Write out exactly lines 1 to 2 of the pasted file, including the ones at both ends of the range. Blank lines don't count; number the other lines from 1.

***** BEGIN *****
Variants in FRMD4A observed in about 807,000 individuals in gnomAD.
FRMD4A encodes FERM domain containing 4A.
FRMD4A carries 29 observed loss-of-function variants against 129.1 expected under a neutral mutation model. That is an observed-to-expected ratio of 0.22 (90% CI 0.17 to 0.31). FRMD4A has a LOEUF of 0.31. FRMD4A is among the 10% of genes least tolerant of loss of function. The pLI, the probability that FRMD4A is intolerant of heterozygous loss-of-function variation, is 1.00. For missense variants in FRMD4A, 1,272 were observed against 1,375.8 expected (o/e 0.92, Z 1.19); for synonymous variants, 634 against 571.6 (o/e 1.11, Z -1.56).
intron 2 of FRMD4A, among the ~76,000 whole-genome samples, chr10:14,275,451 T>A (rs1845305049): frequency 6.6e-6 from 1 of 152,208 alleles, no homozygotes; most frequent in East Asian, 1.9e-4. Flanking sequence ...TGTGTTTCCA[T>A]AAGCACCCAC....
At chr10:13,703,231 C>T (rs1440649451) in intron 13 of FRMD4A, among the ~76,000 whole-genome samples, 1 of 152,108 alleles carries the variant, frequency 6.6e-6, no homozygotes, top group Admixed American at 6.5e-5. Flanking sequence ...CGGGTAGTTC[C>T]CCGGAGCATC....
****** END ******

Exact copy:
Variants in FRMD4A observed in about 807,000 individuals in gnomAD.
FRMD4A encodes FERM domain containing 4A.